|The Dreaded Time Deductible||About Claim Solutions ...|
Welcome to the Claim Solutions’ Newsletter for Autumn 2003.
As indicated on page 4 there have been a wide range of losses this quarter. It is interesting to note the number of fires affecting restaurants and food manufacturers. Fires in Greek, Chinese and Polish restaurants and a fire at a Mexican Food manufacturer have all been identified.
As always, we hope all those who sustained a loss experience a speedy recovery.
We are pleased to announce that we have established an archive of our newsletters on our website. Some of these articles may assist you when insuring a risk or handling a claim.
If we can assist you in relation to any claims please do not hesitate to contact us.
Your enquiries are always welcome.
At the time of writing, news reports indicated that SARS has spread to over 22 countries, infected in excess of 2500 people and killed more than 150. In addition to the personal tragedy, the adverse impact on industry, particularly the tourism sector, cannot be underestimated.
For example, media releases suggest airlines are reducing selected international services due to the crisis.
Have you ever considered whether any loss of profit caused by infectious diseases is insurable?
In broad terms the standard Mark IV Industrial Special Risks Policy responds to Business Interruption as a consequence of damage to insured property.
Endorsements are available which extend the Business Interruption cover to loss flowing from incidents where there is no property damage. One of these is an endorsement for infectious diseases.
Typically, this responds to the Business Interruption loss from: -
1. Infectious or contagious disease manifested by any person whilst at the Premises.
2. Evacuation of the Premises by a Public Authority.
3. The outbreak of a notifiable human infectious disease occurring within a specified radius of the Premises.
SARS has refocused world attention on the physical nature of epidemics. Its negative impact on financial and insurance markets is also a reality which cannot be overlooked.
It seems that coffee has taken a direct hit in recent times. On 3 October 2002 a fire severely damaged a warehouse operated by Gloria Jeans Coffee.
On 7 April 2003 a fire also occurred in a Hudson’s Coffee shop in Melbourne.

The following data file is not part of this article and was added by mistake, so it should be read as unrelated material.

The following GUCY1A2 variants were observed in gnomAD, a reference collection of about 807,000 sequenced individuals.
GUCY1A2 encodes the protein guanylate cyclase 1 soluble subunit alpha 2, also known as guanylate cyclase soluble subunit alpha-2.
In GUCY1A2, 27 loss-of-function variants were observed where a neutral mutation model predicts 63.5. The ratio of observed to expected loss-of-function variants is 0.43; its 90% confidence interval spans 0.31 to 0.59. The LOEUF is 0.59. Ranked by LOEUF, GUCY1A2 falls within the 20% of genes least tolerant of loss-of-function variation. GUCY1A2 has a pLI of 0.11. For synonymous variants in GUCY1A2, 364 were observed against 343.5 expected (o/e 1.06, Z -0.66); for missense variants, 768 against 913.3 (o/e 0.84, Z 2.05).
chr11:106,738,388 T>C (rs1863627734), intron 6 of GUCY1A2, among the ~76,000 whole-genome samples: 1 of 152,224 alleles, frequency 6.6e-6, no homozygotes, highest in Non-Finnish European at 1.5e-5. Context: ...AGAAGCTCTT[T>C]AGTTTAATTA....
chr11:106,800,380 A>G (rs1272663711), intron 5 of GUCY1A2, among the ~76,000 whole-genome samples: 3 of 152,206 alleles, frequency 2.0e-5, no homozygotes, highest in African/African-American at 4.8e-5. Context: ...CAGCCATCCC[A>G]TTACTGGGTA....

Roasted coffee beans have always been popular, but this gives new meaning to hot coffee!
Pronto’s is a popular, a-la-carte restaurant specialising in fine Italian Cuisine. Bruno owns the business and the double storey Victorian Terrace building from which it is conducted.
On 3 March 2003 a fire swept through the premises severely damaging the building, kitchen and dining facilities.
The risk was insured under a Mark IV Industrial Special Risks policy.
After consultation with his claims consultant Bruno understood that Section 1 of the policy responded to the reinstatement value of damaged property.
Shortly after the fire building surveyors advised that substantial upgrading of the Victorian Terrace was required. These included the installation of signs clearly identifying fire exits, ramps allowing access for disabled patrons, curved skirtings in the kitchen for easier cleaning, to mention a few.
The cost associated with installing these items does not represent reinstatement and replacement of damaged property as signage, ramps and curved skirtings did not exist prior to the fire.
Fortunately, Pronto had cover for Extra Cost of Reinstatement which responded to the upgrading of the property to comply with the requirements of statutory authorities.
It is important for the Schedule of Insurance to be complete, accurate and consistent with the Policy Wording.
Following is a checklist to assist you to avoid some of the common errors.
Ensure the name of the Insured reflects all interests/companies which are intended to be covered.
Ensure all assets and income flows associated with these interests are declared.
Ensure the Schedule contains a Limit of Liability, Declared Value on Material Damage and Business Interruption as required.